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USW Weighs In On TN Plant Closing

Tue, 07/12/2011 - 5:10am

PITTSBURGH, July 11, 2011 /PRNewswire-USNewswire/ -- The United Steelworkers (USW) today said it was very disappointed to learn that Goodyear Tire issued a WARN notice to its members at Local 878L, informing them that their services would no longer be needed at the Union City, Tenn. facility scheduled for shutdown.

The Worker Adjustment and Retraining Notification Act of 1988 (WARN Act) is a U.S. labor law which requires most employers with 100 or more employees to provide 60 calendar-day advance notification of plant closings and mass layoffs of employees

"We are very angered by the company's announcement yesterday to close its Union City, Tenn. Facility," said USW International President Leo W. Gerard. "The harm being done over the years by our government's inaction and manufacturers' ongoing deindustrialization of the economy is relentless. Unfortunately, nothing we can say minimizes the impact this decision has on the lives of our members who work there, their families and the community. But we will continue to fight to help them in this tragic situation."

"We did our best to keep this plant running, but the flood of subsidized foreign product in the marketplace and our stagnant domestic economy were too much to overcome," said USW International Vice President Tom Conway, who heads the union's bargaining committee with Goodyear. "Our success in winning a 421 trade case in September 2009 probably provided the plant with two more years of life it otherwise might not have had."

The USW case was filed in April 2009 under the Section 421 provision of the amended U.S. Trade Act of 1974, without the support of the tire companies, and demonstrated that illegally subsidized foreign-made tires were putting American plants out of business and costing our members their jobs. The case demonstrated a 215 percent surge in passenger and light truck tire imports by volume and a 295 percent surge in value during 2004-08. The result was a loss of more than 8,100 domestic tire jobs by the end of 2009 from closed plants.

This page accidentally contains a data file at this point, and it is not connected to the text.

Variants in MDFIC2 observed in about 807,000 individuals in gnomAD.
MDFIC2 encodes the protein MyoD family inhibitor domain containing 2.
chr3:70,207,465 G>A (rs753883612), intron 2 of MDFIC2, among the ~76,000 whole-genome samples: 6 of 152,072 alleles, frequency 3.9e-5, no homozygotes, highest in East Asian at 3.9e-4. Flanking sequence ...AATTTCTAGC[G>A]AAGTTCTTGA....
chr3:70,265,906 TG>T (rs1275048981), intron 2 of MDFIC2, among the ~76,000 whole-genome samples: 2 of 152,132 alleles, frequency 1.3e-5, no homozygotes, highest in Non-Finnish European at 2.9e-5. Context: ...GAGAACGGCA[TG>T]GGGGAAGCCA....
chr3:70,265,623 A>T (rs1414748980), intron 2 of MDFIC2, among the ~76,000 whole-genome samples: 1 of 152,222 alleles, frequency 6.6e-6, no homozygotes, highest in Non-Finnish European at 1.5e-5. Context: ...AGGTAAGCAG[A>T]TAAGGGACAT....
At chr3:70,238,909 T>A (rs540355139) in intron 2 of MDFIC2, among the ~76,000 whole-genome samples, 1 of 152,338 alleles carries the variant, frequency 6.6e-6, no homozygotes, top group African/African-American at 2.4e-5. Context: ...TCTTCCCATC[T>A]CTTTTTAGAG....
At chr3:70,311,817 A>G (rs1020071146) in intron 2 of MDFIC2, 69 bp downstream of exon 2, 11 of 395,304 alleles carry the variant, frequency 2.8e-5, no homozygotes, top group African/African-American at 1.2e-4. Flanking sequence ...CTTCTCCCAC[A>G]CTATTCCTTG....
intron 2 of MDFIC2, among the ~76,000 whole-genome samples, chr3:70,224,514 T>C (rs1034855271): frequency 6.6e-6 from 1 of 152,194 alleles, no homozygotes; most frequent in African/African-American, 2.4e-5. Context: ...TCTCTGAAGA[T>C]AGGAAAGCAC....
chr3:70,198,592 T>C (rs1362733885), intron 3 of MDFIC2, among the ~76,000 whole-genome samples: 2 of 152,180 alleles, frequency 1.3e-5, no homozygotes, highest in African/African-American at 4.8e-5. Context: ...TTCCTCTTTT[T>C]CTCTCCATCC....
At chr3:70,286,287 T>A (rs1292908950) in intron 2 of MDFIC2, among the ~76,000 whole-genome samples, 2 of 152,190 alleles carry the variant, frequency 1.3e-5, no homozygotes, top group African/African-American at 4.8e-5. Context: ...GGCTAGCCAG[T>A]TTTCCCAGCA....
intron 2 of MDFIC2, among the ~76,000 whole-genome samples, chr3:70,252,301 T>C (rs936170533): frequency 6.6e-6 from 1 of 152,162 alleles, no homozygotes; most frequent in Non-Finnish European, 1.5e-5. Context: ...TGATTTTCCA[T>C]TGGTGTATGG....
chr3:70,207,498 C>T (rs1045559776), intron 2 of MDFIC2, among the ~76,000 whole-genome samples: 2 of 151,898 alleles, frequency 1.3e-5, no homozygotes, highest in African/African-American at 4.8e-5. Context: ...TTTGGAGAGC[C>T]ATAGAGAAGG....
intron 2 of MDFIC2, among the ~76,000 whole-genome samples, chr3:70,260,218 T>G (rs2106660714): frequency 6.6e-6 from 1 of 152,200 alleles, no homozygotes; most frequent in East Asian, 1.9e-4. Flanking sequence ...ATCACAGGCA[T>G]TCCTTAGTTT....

"We tried also to convince the company to put different product lines in the Union City facility," said USW Secretary-Treasurer Stan Johnson, who directs the unions Rubber and Plastics Industry Council, "but its response was that it did not need the capacity in the North American market."

USW Local 878L members will continue to receive their wages for the duration of the 60-day WARN notice and will receive substantial benefits that were negotiated in advance of any possible shutdown. Goodyear had announced on Feb. 10 that it intended to close the West Tennessee plant by the end of 2011. Some 1,900 people from West Tennessee and western Kentucky are affected.

"Our heart goes out to all of our members there as they embark on a transition, which is too common these days: hard working Americans, their families and communities suffering the loss of skilled production jobs because of our country's inability to adequately enforce trade laws designed to maintain a level playing field in the global marketplace," said Conway.

The USW represents 850,000 workers in North America and the Caribbean employed in the industries of metals, rubber, chemicals, paper, oil refining and the service sector.

For more information: www.usw.org.

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